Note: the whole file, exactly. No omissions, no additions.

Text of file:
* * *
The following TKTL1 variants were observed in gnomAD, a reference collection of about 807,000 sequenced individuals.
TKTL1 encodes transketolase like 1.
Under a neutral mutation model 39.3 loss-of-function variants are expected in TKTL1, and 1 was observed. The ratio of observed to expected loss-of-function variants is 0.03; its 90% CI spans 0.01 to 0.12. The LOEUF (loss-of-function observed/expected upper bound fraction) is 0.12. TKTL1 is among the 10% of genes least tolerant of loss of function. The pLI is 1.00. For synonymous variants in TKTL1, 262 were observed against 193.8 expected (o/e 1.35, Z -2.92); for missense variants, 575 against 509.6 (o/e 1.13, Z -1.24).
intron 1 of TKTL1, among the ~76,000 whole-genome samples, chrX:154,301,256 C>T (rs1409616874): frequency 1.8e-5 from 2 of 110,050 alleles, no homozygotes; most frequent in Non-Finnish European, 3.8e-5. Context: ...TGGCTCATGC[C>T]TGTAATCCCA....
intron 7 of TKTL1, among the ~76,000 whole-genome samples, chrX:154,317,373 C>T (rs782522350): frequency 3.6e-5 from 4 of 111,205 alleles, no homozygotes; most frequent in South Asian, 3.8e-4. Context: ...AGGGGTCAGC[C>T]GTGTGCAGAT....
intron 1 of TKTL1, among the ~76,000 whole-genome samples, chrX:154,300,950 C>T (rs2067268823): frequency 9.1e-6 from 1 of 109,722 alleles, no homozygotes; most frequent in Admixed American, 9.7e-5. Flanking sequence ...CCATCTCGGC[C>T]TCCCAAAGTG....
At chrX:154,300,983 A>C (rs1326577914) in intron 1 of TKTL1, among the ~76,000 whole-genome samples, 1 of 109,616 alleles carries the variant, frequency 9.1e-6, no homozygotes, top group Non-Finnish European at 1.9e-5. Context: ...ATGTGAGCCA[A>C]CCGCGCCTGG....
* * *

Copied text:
The following TKTL1 variants were observed in gnomAD, a reference collection of about 807,000 sequenced individuals.
TKTL1 encodes transketolase like 1.
Under a neutral mutation model 39.3 loss-of-function variants are expected in TKTL1, and 1 was observed. The ratio of observed to expected loss-of-function variants is 0.03; its 90% CI spans 0.01 to 0.12. The LOEUF (loss-of-function observed/expected upper bound fraction) is 0.12. TKTL1 is among the 10% of genes least tolerant of loss of function. The pLI is 1.00. For synonymous variants in TKTL1, 262 were observed against 193.8 expected (o/e 1.35, Z -2.92); for missense variants, 575 against 509.6 (o/e 1.13, Z -1.24).
intron 1 of TKTL1, among the ~76,000 whole-genome samples, chrX:154,301,256 C>T (rs1409616874): frequency 1.8e-5 from 2 of 110,050 alleles, no homozygotes; most frequent in Non-Finnish European, 3.8e-5. Context: ...TGGCTCATGC[C>T]TGTAATCCCA....
intron 7 of TKTL1, among the ~76,000 whole-genome samples, chrX:154,317,373 C>T (rs782522350): frequency 3.6e-5 from 4 of 111,205 alleles, no homozygotes; most frequent in South Asian, 3.8e-4. Context: ...AGGGGTCAGC[C>T]GTGTGCAGAT....
intron 1 of TKTL1, among the ~76,000 whole-genome samples, chrX:154,300,950 C>T (rs2067268823): frequency 9.1e-6 from 1 of 109,722 alleles, no homozygotes; most frequent in Admixed American, 9.7e-5. Flanking sequence ...CCATCTCGGC[C>T]TCCCAAAGTG....
At chrX:154,300,983 A>C (rs1326577914) in intron 1 of TKTL1, among the ~76,000 whole-genome samples, 1 of 109,616 alleles carries the variant, frequency 9.1e-6, no homozygotes, top group Non-Finnish European at 1.9e-5. Context: ...ATGTGAGCCA[A>C]CCGCGCCTGG....